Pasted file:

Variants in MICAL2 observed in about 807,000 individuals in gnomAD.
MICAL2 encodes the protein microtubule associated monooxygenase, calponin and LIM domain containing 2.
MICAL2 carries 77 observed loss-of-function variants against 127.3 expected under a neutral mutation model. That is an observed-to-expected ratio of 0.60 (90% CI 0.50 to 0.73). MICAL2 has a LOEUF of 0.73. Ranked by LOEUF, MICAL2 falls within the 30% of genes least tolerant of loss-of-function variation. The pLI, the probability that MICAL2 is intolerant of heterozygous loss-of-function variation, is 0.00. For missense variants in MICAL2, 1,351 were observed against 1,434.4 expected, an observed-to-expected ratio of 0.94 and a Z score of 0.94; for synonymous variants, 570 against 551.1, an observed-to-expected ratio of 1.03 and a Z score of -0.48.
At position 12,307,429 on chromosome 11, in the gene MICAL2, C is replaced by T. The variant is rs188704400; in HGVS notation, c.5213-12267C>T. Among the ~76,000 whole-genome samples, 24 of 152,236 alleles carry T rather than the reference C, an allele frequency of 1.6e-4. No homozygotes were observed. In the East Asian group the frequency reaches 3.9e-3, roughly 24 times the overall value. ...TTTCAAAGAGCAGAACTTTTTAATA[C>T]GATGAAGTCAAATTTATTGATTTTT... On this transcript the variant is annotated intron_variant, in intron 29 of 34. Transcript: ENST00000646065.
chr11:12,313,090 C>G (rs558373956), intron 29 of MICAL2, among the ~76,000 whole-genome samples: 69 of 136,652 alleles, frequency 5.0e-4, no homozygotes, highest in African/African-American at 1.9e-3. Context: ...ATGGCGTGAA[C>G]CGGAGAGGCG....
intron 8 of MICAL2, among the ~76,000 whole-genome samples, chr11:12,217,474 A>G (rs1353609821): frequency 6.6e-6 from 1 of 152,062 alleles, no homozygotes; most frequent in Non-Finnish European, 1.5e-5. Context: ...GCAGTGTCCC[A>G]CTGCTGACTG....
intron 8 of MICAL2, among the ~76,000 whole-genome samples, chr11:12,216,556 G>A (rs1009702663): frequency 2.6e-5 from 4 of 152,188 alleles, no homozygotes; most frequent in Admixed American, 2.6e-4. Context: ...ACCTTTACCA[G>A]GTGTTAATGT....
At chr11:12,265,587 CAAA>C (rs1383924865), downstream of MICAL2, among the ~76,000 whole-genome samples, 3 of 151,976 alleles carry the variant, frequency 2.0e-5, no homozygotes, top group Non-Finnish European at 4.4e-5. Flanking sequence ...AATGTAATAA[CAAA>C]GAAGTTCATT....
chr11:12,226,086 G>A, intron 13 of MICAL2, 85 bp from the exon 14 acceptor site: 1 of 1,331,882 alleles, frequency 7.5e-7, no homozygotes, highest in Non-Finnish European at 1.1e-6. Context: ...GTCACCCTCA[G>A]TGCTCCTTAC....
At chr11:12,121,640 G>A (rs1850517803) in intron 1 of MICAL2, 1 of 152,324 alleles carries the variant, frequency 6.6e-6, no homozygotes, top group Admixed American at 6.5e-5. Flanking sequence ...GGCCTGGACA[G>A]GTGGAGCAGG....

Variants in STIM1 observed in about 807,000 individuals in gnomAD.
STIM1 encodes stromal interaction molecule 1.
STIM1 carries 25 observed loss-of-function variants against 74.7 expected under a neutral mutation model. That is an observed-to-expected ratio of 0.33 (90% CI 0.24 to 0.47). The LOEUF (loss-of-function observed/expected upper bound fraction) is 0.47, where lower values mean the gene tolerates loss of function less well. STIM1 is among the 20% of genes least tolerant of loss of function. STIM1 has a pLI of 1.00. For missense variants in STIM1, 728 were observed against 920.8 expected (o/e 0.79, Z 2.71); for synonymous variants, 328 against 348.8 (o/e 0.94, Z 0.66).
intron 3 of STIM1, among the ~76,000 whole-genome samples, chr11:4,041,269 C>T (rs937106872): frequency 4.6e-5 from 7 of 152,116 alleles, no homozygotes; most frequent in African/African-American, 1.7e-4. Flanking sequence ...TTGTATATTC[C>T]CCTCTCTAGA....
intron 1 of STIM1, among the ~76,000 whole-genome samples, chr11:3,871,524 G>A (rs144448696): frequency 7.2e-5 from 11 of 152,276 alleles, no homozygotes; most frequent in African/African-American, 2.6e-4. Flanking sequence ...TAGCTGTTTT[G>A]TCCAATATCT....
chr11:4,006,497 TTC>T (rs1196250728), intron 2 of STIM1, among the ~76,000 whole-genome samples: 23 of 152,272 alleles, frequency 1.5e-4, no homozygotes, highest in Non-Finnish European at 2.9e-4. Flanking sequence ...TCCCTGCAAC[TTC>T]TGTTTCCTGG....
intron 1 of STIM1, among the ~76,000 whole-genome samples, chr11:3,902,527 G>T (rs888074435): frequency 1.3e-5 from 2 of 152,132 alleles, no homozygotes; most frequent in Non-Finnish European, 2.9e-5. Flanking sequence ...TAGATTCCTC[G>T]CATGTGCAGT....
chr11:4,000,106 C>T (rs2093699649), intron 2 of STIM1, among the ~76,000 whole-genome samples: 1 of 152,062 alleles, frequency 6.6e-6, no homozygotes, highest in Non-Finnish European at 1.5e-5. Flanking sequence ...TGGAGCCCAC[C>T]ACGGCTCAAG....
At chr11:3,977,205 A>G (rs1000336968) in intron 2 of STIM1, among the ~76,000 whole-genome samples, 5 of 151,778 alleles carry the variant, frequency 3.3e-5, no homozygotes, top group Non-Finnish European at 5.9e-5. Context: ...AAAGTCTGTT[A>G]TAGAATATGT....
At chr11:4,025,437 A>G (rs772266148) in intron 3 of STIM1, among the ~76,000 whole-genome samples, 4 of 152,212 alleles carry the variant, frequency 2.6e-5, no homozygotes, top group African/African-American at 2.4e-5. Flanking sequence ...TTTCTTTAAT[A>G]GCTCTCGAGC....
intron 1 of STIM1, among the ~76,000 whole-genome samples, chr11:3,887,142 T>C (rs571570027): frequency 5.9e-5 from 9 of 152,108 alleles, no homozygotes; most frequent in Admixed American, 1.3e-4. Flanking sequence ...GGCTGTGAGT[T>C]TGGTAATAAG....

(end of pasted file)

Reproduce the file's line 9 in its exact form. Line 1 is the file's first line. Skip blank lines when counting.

chr11:12,226,086 G>A, intron 13 of MICAL2, 85 bp from the exon 14 acceptor site: 1 of 1,331,882 alleles, frequency 7.5e-7, no homozygotes, highest in Non-Finnish European at 1.1e-6. Context: ...GTCACCCTCA[G>A]TGCTCCTTAC....